After the release of the draft document in August of last year, a few changes in the study were made due to input from reviewers which included Peninsula Rail 2000. The study was released in February.

There are some aspects of the study that have limited its ability to describe CalTrain's true growth potential. One of the most limiting aspects is that the "service area" is restricted to only CalTrain's current route. Expansion of CalTrain service across the Dumbarton rail bridge to link Redwood City and Fremont, expansion to the East Bay corridor with a BART connection at Coliseum station, and a tie-in with the proposed Altamont Express service from Stockton and the Livermore Valley are all excluded from consideration.

These omissions are of particular concern in view of a concurrent study of the Dumbarton rail service and the new Altamont Express commute service to debut next year. The Dumbarton rail study was conducted out of the same office as the CalTrain study, and JPB staff have been regularly invited to Altamont Pass Express planning meetings.

The approach of this study to forecasting future usage on a station-by-station basis has limited its scope so that it tends to overlook regional markets.

Another aspect that was overlooked is actual increases in train speeds. The study alludes to "operational" improvements while never mentioning higher train speeds. Although operational improvements are necessary for additional travel time reduction, higher speeds make a contribution that operational improvements cannot accomplish by themselves. Rail operations the world over recognize this fact. The JPB apparently misses it.

Even electrification, with its potential of reducing costs and increasing CalTrain performance to that of European style trains, is not offered as a possibility among the proposed improvement scenarios. Nowhere is it mentioned in the Market Demand Study.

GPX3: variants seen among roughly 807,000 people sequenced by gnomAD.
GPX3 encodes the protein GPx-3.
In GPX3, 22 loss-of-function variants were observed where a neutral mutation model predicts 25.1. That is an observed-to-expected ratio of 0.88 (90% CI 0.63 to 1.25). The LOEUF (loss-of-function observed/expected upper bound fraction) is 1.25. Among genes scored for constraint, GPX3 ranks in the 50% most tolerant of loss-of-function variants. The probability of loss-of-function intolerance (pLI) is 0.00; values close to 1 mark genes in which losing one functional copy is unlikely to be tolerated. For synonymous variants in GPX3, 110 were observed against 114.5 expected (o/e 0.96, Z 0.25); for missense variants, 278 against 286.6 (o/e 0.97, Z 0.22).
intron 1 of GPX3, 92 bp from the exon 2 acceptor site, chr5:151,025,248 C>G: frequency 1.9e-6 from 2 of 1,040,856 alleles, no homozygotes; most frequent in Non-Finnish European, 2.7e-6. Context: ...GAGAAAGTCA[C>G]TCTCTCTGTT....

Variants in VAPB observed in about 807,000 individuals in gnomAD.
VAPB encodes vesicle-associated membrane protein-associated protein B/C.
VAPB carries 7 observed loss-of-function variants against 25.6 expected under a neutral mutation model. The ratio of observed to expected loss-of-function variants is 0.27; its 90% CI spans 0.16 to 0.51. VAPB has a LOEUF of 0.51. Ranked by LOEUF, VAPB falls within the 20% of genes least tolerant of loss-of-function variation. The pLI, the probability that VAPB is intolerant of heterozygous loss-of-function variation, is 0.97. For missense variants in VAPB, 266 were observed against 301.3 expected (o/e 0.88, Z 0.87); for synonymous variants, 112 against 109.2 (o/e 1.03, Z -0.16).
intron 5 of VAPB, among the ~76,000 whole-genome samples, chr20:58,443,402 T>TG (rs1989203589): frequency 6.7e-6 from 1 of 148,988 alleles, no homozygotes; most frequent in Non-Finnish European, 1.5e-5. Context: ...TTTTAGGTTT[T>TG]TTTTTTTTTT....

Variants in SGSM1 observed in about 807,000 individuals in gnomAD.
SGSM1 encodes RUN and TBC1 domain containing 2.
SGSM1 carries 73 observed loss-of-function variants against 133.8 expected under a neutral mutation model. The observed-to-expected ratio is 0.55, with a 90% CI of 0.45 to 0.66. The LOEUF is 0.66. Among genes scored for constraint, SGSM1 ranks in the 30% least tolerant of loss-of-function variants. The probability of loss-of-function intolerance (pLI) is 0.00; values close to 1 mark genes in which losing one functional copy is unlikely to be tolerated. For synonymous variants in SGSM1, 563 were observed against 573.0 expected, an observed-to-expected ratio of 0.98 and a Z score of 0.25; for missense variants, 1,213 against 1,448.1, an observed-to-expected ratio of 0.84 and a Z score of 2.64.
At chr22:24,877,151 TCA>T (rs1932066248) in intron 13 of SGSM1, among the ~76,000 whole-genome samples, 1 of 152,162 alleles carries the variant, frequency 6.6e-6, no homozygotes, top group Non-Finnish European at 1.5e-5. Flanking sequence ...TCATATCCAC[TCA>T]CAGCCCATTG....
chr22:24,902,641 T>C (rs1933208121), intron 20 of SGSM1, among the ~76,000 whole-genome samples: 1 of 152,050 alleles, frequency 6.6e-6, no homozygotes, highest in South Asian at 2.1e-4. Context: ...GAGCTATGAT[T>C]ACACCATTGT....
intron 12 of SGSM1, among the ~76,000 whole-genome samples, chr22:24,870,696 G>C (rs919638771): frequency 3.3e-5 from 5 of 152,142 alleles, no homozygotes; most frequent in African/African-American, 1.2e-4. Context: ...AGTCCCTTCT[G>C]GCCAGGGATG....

Peninsula Rail 2000 will continue to bring such shortcomings to the attention of CalTrain riders and elected officials so that such omissions may be rectified. This study's findings and shortcomings will guide CalTrain planning for the next several years.

What you can do: If you would like to see CalTrain become a truly modern, convenient system similar to those in Europe and Japan, please take a few minutes to write a letter asking for inclusion of electrification and extensions in the Market Demand Study. Letters to the CalTrain JPB, and your county board of supervisors if you live in one of CalTrain's three counties, are most helpful.

Board of Supervisors
City and County of San Francisco
401 Van Ness Ave.
San Francisco, CA 94102

Board of Supervisors
County of San Mateo
Hall of Justice and Records
401 Marshall St.
Redwood City, CA 94063

Dianne McKenna and members
Santa Clara County Transportation Agency Board
3331 N. First St.
San Jose, CA 95134-1906

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Last updated: May 11, 1997